Although I’m not planning to setup a business in Estonia anytime soon, this is exciting news and I look forward to hearing what comes next.
Generally its mainly setup for businesses and freelancers wanting to work/trade within the EU. For myself theres few reasons to take part in the program but its highly likely after considering everything, I may go ahead and do it, mainly for these reasons.
Being slightly tied to the EU as the UK leaves
A verified digital identy useable to sign legal documents
Beta testing a truly digital redidency/citizenship system (exciting!)
Not having to give up my british citizenship
Freelancing support within the EU if my career takes a turn
There maybe a chance to setup a bank account in the EU in the near future
The Alex Wellman made some good points but ultimately its a bit of a leap into the unknown with the chance of more advantages coming in years to come.
Being in the UK, I can do almost everything online and then do the interview and pick up my new digital identity in the Estonian Embassy in London.
Its seems all worth while for 100 euros, form filling and interviews.
I just hope the photos I sumbmitted were good enough for the process.
Mozfest the festival I have been in involved with for the last 6 years; is a collaborative event and of course there is some overhead to the collaboration. But Mozilla have ways to work through the usual issues with collaboration; be it collaborative tools first or subverting github to manage the open calls. Its quite amazing…
But sometimes you need to bring people together across the many different timezones we inhabit. 2 years ago it was Scotland, last year it was Berlin and this year its Tallinn.
Of course I was wondering like many others. I heard some great things about the place but it wasn’t hot on my list of places to go. But some more research has turned up some great stuff including the e-resident which I first heard about from Alex DS.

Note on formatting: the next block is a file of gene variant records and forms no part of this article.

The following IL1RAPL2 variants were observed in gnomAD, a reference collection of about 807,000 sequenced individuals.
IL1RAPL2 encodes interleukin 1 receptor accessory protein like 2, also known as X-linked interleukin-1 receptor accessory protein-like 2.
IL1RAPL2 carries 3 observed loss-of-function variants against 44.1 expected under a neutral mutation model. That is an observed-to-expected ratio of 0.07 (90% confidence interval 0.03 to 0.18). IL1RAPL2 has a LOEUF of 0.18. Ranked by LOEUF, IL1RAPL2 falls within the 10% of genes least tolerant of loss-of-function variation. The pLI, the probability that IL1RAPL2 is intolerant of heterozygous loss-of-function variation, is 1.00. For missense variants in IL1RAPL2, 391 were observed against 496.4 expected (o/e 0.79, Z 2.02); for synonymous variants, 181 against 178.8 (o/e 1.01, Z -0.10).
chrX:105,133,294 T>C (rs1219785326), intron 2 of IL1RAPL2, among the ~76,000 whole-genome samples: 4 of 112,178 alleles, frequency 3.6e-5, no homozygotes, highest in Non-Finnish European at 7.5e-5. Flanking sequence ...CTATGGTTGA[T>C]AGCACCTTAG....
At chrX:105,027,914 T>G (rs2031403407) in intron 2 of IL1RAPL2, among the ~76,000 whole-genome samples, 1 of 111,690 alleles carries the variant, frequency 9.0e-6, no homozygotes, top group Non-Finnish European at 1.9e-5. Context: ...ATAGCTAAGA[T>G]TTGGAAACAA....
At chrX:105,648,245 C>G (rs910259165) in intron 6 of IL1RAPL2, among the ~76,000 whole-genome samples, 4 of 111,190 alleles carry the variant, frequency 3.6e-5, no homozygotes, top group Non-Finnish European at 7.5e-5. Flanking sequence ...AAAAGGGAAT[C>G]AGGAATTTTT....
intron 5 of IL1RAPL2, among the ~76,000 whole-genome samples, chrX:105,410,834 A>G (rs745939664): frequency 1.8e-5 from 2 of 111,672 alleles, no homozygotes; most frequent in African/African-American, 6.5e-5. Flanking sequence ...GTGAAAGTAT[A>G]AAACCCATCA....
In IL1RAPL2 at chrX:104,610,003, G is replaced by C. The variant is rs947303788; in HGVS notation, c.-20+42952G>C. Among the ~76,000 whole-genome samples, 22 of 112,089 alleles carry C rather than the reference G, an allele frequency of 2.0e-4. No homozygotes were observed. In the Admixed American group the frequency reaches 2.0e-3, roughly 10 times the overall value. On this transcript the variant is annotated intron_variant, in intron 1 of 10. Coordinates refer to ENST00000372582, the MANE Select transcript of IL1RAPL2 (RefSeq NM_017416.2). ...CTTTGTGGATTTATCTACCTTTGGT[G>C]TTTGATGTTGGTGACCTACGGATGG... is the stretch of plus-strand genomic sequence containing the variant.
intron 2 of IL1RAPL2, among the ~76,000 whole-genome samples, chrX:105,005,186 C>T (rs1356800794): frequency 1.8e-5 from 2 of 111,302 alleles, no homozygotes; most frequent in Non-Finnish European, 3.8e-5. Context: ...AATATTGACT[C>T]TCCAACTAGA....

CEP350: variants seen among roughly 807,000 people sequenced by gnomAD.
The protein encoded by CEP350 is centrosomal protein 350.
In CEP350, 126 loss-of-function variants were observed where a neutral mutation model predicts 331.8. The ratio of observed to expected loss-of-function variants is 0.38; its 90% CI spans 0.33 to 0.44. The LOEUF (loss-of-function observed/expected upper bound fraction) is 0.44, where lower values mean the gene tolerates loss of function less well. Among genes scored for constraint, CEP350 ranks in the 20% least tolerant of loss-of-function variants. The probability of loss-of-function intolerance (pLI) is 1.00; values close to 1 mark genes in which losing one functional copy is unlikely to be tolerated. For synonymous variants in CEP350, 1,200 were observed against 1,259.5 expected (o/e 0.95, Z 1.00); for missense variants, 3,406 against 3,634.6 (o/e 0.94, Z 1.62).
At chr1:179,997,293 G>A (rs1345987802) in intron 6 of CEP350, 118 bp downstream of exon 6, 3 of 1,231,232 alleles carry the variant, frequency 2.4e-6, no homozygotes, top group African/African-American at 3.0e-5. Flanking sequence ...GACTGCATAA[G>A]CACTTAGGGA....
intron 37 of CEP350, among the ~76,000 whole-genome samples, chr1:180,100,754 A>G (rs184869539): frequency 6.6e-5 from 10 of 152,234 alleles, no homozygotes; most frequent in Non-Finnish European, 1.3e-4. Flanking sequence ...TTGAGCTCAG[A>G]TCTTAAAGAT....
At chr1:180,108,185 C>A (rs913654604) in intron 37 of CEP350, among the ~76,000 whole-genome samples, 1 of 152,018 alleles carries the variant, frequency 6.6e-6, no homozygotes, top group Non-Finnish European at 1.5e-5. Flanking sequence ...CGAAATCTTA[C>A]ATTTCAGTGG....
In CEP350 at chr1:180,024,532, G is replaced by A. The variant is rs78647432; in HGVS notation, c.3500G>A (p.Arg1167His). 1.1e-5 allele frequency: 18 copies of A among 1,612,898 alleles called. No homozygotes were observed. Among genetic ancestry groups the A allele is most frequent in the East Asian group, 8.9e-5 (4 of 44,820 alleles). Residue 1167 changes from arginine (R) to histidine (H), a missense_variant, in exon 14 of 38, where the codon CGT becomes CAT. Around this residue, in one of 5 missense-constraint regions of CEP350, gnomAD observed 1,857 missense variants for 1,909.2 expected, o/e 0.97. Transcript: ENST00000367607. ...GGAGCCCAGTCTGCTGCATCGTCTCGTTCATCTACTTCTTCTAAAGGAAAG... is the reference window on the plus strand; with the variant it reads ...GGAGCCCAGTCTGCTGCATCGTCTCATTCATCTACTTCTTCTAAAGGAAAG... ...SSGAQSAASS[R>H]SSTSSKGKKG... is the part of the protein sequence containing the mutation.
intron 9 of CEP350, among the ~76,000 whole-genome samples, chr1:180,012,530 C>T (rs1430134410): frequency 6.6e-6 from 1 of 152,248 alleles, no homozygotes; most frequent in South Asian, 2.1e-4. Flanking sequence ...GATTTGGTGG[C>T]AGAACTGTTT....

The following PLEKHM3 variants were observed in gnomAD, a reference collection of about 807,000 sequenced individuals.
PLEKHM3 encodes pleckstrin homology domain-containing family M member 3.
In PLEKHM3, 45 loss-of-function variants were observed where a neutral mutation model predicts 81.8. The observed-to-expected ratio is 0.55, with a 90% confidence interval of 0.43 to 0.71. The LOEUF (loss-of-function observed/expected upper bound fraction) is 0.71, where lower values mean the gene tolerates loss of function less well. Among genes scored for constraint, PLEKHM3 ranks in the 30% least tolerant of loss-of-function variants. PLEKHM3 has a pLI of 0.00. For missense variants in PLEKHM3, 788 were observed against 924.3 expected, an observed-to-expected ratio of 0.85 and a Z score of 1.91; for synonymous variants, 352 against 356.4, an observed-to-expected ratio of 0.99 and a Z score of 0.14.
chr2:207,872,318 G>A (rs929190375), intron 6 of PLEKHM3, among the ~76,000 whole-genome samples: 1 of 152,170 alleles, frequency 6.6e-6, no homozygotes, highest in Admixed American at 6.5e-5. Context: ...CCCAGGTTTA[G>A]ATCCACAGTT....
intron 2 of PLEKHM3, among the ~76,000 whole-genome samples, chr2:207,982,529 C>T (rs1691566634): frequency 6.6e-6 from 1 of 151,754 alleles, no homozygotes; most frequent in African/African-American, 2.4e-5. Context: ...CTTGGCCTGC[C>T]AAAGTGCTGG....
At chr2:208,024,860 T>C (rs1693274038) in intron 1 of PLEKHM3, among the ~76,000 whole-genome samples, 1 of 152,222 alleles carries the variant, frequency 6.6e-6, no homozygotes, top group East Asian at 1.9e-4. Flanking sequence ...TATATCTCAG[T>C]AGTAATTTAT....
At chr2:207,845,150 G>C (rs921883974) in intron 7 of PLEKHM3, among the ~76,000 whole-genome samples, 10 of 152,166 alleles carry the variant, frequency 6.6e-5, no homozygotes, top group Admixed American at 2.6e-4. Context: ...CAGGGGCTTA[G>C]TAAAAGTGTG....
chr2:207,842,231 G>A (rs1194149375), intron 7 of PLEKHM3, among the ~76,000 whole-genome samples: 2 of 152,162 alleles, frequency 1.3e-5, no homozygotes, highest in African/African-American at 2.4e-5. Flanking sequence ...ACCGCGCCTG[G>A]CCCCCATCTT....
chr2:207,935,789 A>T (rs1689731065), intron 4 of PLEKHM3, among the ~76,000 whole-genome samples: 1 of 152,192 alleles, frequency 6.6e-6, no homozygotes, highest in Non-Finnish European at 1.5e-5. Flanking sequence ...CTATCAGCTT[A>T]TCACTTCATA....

Ahead of Brexit, statistics reveal that almost 1,000 Brits have now applied to be e-residents of Estonia. Applications from the UK are being made twice as frequently as before the referendum, following an initial surge from three to 51 applications per week. More than half of all applications from the UK, 534, have arrived since the vote, while 231 arrived in the same period beforehand. Based on current trends, it is likely the 1,000th British application for e-residency will arrive this week, as Article 50 is due to be triggered.
Elsewhere, a website has been set up by the e-residency programme for British entrepreneurs called howtostayin.eu which explains how startups, established businesses and freelancers can use Estonian e-residency to continue their operations in the EU without leaving the UK.
Interestingly I also found the p0rnhub insights for estonia while searching, which was fancinating but slightly #nsfw, so you were warned! I was going to send it around to some of the Mozfest orginaisers but couldn’t find a way to explain why it was interesting or relavent.